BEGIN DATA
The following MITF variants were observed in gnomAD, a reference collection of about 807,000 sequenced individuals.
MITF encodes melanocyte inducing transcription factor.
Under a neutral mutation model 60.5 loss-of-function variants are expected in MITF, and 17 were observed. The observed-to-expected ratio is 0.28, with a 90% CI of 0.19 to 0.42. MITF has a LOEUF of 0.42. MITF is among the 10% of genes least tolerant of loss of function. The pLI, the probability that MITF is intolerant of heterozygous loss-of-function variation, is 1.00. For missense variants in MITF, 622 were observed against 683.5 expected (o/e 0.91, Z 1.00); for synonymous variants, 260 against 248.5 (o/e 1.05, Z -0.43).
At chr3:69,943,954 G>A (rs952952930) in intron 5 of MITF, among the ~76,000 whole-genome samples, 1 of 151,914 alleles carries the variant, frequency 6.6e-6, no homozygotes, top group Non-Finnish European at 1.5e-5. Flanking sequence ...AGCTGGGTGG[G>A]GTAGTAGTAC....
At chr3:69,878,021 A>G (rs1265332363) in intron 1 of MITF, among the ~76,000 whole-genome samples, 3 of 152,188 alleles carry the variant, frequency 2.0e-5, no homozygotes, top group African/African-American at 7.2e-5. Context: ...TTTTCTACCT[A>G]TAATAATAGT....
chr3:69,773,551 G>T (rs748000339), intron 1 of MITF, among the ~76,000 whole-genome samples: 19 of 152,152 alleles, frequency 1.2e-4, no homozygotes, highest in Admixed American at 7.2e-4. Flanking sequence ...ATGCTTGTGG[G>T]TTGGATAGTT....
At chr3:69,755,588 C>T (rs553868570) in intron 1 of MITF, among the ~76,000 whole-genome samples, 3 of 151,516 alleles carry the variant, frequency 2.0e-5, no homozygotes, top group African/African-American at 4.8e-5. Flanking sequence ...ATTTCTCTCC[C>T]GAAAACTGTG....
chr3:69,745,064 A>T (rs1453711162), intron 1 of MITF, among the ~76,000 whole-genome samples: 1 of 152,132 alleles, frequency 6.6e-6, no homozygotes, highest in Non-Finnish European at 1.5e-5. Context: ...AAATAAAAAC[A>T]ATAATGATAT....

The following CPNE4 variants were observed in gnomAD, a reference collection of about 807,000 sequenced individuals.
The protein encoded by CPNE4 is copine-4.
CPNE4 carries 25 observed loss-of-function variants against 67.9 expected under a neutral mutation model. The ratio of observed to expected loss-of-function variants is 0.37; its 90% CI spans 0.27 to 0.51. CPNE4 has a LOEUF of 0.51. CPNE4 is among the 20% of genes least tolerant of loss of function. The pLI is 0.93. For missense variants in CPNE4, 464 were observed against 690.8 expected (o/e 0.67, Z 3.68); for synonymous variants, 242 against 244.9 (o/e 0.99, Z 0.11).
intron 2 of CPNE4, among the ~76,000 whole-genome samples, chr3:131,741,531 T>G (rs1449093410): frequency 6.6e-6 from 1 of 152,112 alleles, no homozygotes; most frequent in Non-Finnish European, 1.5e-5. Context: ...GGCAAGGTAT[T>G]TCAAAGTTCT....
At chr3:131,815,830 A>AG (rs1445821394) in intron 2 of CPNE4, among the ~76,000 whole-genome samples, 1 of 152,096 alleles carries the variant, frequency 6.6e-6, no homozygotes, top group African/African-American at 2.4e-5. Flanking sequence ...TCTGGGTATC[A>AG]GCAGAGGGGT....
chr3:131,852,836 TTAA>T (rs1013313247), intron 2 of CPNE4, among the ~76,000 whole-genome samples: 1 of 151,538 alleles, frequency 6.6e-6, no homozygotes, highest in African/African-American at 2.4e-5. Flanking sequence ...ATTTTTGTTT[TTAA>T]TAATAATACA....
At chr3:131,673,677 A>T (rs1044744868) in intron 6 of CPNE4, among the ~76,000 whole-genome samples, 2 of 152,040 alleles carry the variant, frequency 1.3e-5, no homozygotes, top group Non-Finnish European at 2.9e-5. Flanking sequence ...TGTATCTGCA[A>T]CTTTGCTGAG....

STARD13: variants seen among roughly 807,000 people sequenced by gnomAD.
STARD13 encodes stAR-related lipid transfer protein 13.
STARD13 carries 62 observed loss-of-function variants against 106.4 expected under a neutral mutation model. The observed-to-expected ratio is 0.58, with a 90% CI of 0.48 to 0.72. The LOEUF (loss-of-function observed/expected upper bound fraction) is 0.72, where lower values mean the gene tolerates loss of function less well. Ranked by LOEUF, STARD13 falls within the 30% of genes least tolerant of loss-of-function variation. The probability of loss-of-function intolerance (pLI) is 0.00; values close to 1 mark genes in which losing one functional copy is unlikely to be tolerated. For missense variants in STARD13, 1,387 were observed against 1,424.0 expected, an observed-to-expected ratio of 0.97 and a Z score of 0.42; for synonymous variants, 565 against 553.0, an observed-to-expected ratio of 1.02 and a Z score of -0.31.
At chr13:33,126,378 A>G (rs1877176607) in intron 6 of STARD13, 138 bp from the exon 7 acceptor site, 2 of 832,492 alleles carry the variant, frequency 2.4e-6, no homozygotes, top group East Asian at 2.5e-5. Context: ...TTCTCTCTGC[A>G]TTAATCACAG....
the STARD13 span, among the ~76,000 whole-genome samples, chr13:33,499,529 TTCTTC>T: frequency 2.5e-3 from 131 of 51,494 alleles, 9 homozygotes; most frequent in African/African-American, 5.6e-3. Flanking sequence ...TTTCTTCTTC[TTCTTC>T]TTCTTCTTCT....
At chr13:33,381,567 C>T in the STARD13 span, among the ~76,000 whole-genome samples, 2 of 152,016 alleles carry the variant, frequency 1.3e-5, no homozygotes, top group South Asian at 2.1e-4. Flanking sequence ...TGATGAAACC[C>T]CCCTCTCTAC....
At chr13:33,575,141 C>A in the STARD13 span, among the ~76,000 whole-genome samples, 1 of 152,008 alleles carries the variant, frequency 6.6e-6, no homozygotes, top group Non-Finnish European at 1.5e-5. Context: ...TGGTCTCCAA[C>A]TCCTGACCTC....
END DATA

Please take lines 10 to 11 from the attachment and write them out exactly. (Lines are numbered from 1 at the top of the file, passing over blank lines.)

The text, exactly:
The protein encoded by CPNE4 is copine-4.
CPNE4 carries 25 observed loss-of-function variants against 67.9 expected under a neutral mutation model. The ratio of observed to expected loss-of-function variants is 0.37; its 90% CI spans 0.27 to 0.51. CPNE4 has a LOEUF of 0.51. CPNE4 is among the 20% of genes least tolerant of loss of function. The pLI is 0.93. For missense variants in CPNE4, 464 were observed against 690.8 expected (o/e 0.67, Z 3.68); for synonymous variants, 242 against 244.9 (o/e 0.99, Z 0.11).